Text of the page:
The following year the fee went up again and Ms S terminated the contract with Dai, who was instructed to finish the year’s accounts and tax returns before handing over to a new accountant.
Instead Dai emailed three invoices to Ms S totalling $4450.
The following evening Dai left at least five messages on Ms S’ phone and sent several WeChat messages. She made disparaging remarks about the new accountant’s competency, the tribunal decision said.
Dai then filed a claim in the Disputes Tribunal for the unpaid monthly invoices despite it being before their due date.
In her claim, Dai called Ms S dishonest and said she had resigned as her accountant because of this.
The Disputes Tribunal partially awarded in Dai’s favour though the NZICA tribunal noted the Disputes Tribunal didn’t have access to the WeChat messages showing Dai’s services were terminated.
A professional conduct committee (PCC) of the NZICA investigated Dai’s behaviour and billing practices, but Dai raised a proceeding against the PCC in the High Court, naming Ms S as a second respondent.
In the claim she accused Ms S of verbally abusing her and being highly offensive and providing false and misleading information to the Disputes Tribunal.
“Although that matter is before the High Court and has yet to be determined, the tribunal saw no evidence to support these allegations in any of the material provided to it.
“Making such serious allegations in court proceedings without reasonable cause is improper, and when done by a chartered accountant is unprofessional,” the tribunal said in its decision.
Ms C surprised at claims
A woman known only as Ms C engaged Dai to do tax returns for herself and the business she owned with her husband Mr X in 2018.
In 2021 Dai messaged the woman and said there was an outstanding amount, which surprised the couple as she’d never previously mentioned it despite being in weekly communication with the woman.
They queried the outstanding amount and rather than answer the question Dai mentioned involving a debt collector, the tribunal noted.
Dai then emailed the couple saying she had suspended all services and unlinked them from the IRD website.
In their email junk folder they found an email from a debt collector stating they had an overdue account of $1286.
On analysis of the invoices, the tribunal concluded Dai had raised her monthly fee without telling the couple, causing the outstanding debt.
A few days later, Ms C and Mr X paid $1315.87 into Dai’s bank account. The payment was reversed so they paid it again, and again it was reversed, with no explanation.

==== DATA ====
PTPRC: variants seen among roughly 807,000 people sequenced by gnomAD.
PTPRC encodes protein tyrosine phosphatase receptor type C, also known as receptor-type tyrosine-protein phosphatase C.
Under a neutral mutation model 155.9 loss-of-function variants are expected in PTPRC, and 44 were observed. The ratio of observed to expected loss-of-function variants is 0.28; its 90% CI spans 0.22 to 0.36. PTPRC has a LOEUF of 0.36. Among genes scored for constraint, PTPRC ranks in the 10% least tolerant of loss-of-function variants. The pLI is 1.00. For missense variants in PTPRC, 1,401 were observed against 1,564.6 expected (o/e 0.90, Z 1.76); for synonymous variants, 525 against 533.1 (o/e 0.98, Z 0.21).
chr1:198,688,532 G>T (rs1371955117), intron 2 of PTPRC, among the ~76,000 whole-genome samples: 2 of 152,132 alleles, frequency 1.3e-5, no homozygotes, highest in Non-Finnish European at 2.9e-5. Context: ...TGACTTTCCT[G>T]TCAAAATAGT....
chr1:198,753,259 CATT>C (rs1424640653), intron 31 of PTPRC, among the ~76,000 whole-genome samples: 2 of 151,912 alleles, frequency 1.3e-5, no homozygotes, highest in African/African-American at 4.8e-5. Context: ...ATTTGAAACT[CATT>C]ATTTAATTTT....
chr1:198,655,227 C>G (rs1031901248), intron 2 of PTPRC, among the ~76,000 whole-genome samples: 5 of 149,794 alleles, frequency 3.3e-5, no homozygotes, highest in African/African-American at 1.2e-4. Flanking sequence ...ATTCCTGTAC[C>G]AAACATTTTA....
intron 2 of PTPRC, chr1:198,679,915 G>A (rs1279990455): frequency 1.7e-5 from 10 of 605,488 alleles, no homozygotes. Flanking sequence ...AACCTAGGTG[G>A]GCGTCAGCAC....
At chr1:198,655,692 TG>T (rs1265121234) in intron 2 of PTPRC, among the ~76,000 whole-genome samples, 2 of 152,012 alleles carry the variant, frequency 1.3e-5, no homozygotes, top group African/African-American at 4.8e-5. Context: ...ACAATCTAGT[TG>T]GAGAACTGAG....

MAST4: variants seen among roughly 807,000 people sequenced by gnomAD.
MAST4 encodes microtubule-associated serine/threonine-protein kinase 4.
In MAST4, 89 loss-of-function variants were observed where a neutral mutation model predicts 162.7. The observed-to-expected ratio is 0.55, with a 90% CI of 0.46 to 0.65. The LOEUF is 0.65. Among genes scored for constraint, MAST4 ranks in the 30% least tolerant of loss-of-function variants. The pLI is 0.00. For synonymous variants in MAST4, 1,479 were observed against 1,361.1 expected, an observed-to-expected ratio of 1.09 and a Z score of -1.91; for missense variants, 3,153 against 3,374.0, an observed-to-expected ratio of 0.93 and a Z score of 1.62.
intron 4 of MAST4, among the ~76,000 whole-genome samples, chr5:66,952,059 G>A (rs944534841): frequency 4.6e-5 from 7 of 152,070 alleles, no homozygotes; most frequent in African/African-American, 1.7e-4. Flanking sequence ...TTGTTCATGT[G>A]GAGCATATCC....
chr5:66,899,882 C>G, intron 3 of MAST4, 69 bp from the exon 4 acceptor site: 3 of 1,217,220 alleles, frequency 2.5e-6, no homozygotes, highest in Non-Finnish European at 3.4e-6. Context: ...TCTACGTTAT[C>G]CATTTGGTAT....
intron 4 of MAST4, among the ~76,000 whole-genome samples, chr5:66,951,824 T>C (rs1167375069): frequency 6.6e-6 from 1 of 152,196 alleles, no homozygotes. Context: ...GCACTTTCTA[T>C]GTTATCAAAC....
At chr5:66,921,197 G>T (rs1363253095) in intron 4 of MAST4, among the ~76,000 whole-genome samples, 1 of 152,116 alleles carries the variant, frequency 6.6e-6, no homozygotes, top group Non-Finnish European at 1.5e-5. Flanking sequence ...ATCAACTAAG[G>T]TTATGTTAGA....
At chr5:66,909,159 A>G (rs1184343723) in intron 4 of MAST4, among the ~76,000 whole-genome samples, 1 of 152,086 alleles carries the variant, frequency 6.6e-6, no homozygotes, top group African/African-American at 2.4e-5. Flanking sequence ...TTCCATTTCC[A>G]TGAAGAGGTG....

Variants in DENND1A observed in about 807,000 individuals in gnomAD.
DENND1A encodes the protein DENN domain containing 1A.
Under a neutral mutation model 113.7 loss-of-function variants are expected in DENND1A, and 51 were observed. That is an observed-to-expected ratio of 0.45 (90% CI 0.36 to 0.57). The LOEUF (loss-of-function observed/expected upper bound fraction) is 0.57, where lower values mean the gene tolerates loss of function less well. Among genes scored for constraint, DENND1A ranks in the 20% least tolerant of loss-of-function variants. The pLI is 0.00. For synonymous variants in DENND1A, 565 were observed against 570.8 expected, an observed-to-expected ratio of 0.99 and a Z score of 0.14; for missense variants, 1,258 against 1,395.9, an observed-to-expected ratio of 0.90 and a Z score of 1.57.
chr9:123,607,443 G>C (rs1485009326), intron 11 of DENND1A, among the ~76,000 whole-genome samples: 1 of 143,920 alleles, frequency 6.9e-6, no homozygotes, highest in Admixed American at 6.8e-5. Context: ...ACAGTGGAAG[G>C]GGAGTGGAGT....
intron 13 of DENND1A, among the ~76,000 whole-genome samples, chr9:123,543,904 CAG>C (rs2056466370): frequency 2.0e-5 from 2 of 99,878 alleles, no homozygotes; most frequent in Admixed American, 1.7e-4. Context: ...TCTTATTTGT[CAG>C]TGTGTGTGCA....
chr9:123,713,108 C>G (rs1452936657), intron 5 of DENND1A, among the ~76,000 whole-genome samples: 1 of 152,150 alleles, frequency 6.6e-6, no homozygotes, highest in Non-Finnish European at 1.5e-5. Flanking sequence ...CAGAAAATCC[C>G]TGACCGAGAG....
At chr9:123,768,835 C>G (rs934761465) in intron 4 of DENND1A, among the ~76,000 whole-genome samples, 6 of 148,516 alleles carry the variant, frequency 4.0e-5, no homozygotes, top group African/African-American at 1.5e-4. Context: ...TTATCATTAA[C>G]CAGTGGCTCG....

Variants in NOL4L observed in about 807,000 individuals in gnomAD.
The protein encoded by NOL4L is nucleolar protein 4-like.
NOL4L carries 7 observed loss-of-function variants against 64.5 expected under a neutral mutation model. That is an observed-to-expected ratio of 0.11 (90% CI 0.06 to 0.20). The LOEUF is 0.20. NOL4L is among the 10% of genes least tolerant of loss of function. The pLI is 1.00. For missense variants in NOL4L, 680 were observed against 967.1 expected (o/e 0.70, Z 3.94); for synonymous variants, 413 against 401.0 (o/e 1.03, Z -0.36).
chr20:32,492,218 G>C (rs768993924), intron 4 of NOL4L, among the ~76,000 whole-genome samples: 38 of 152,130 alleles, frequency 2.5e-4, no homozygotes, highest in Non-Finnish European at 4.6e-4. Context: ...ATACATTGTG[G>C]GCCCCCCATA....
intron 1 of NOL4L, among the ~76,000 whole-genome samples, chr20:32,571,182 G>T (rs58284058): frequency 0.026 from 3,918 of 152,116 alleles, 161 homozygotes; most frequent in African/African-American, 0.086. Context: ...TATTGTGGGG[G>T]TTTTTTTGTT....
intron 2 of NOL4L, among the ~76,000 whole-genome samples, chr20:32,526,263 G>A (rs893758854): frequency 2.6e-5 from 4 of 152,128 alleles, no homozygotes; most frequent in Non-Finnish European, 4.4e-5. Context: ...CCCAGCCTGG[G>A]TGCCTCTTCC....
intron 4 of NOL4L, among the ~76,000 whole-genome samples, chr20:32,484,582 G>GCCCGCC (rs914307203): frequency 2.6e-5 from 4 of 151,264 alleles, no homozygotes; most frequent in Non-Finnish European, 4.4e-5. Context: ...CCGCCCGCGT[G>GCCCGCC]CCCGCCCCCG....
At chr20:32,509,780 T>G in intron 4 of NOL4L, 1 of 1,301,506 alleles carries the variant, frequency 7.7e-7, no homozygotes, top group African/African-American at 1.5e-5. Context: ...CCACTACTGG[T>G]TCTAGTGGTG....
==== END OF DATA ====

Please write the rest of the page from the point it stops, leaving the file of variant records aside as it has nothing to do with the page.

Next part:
Dai told the tribunal the couple should have paid her debt collector instead of her, but the tribunal disagreed and said they were fully entitled to pay Dai directly.
When the couple said they would probably make a complaint to the NZICA Dai said she would lodge a “credit default” on them, which would stay on their file for four years.
She then emailed the NZICA and said she’d been harassed and threatened by a former client. She also stated the clients were forcing her to produce false accounts.
The tribunal said it was unprofessional to refer the outstanding balance to a debt collector and “bizarre” when Dai reversed the couple’s payments.
The tribunal was unable to issue its findings in January after Dai lodged her claim in the High Court against the PCC, and she was granted interim name suppression.
On Friday Justice Peter Churchman issued a judgment declining ongoing suppression making it possible for the NZICA to publish its findings.
The tribunal said Dai’s inability to manage her client relationships by not responding to reasonable requests for clarification, returning fees paid without any explanation, and suspending her services fell well below the standards expected of a chartered accountant.
“What is particularly concerning is that the member persisted in this conduct, by repeating her allegations when challenged, and in her responses to the complaints.
“The member displayed a disturbing lack of insight into the wrongfulness and seriousness of her actions both in her responses to the complaints and her evidence and submissions to the tribunal hearing.”
The tribunal has not decided Dai’s penalty yet, however, the PCC wants her struck off.